Instant Replay In The MLB: The Dos and Don'ts

MCorrespondent IAugust 24, 2008

It seems certain that in the near future Major League Baseball will be graced by the presence of instant replay.  The MLB signed an agreement with the World Umpires Association last Wednesday to institute instant replay before the end of the regular season.  Umpires will have full authority in employing instant replay and will ultimately make the final decisions.  What are the limits of using this system and how can it be smoothly integrated into ball games, especially in the middle of the season?

Do limit use to boundary calls during games.  Any ball that hits high up on the wall or gets caught by a fan in the front row is questionable.  Balls hopping over first or third base or anything that gets near the foul pole should also be examined.  Instant replay should be used in all such cases.  The agreement signed by the MLB and WUA includes limiting its use to boundary calls.

Don't use it for calls at bases.  Home runs and foul balls are as far as instant replay should go when the outcome of the game may be affected.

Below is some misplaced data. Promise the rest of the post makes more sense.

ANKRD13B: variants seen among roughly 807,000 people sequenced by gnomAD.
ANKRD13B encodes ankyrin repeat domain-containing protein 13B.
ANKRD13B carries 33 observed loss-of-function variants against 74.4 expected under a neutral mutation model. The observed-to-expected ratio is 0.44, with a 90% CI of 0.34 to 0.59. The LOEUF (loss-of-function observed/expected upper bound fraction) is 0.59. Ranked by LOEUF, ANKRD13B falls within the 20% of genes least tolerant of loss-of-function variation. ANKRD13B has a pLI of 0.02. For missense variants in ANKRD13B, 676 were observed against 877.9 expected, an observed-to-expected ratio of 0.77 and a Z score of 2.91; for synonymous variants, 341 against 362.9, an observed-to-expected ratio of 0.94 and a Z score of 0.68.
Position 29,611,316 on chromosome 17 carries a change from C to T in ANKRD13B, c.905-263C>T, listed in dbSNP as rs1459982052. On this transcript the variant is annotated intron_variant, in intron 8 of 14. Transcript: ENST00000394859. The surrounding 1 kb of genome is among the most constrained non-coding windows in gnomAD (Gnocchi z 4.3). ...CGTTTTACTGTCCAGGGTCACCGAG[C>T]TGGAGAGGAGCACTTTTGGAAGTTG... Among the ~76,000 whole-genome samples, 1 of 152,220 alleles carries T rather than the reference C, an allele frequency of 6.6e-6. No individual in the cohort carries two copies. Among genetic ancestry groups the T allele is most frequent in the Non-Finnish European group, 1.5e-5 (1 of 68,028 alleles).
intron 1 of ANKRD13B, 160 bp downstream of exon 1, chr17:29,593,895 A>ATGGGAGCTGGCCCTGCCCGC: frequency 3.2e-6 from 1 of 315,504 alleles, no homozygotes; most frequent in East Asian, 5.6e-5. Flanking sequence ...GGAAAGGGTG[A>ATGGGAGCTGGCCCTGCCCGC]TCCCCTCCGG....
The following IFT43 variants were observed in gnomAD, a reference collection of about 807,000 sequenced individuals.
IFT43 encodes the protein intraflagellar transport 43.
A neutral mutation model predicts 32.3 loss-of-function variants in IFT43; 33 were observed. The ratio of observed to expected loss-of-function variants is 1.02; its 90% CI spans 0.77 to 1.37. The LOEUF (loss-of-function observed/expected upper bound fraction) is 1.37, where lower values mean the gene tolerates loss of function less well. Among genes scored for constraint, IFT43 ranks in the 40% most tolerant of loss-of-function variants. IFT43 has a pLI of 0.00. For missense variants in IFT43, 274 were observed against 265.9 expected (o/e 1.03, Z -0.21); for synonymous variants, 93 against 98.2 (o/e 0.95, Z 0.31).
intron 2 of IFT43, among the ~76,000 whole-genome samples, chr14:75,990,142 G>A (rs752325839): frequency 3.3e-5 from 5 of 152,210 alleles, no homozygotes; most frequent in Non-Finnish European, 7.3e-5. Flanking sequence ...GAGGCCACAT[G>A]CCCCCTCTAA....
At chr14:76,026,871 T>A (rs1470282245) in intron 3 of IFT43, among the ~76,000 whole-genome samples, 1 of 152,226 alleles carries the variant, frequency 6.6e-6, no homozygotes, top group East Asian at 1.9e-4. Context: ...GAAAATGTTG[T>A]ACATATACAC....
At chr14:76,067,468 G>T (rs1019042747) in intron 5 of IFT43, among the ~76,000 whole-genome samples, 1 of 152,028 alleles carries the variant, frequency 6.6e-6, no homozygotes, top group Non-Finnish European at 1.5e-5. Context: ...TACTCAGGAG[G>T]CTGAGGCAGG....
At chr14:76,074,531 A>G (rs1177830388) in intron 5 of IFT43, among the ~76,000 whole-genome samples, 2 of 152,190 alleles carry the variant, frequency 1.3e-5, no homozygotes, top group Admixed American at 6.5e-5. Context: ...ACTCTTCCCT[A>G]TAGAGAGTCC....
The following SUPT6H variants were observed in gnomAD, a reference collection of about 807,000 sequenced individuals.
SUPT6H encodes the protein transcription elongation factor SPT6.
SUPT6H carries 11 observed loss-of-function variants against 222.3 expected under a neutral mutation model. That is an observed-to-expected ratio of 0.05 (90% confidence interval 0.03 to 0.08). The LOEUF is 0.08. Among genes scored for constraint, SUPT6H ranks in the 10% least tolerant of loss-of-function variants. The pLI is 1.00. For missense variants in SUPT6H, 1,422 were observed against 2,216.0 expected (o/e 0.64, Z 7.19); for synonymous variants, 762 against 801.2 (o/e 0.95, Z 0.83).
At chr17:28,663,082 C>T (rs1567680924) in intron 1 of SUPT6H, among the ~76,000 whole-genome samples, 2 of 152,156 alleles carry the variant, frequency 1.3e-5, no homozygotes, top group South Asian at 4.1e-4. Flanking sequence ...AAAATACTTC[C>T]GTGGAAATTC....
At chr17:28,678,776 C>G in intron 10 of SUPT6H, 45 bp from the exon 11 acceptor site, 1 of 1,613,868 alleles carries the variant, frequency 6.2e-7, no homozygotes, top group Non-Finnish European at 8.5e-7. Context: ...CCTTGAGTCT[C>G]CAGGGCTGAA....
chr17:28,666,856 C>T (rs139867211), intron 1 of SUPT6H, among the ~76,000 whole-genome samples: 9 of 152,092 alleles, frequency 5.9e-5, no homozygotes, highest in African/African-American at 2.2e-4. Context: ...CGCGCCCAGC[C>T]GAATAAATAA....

Do review video from calls at bases to assess the competency of umpires.  Bad calls often slow the game down dramatically and cause players, coaches and managers to be ejected.  This may be a way to improve the officiating out on the field.

Don't undermine the authority of the officials.  The final call should always belong to the officials, not the video tape.  Its use should be similar to the NFL, where conclusive evidence must be shown to overturn the official ruling.

Do limit the number of people that can initiate reviews.  No one representing either team should be able to "challenge" a call.  Only umpires should be allowed to determine if a review is necessary.  Furthermore, only a single official should be allowed to call for instant replay.  The same official that assigns hits and errors should be left with the task.

Don't implement it before the end of the season.  Though using instant replay as soon as possible seems to be the best idea, it is a hurried effort.  Unexpected problems may arise with using instant replay.  These factors may include the length of the game and the quality of the system.  A bad review system could potentially ruin the season.  These issues will be much easier to deal with come spring training.

It is clear that instant replay in the MLB is a must in today's world.  But how can we do it and how far should it be taken?  I've organized my thoughts above and encourage everyone to comment with their own thoughts.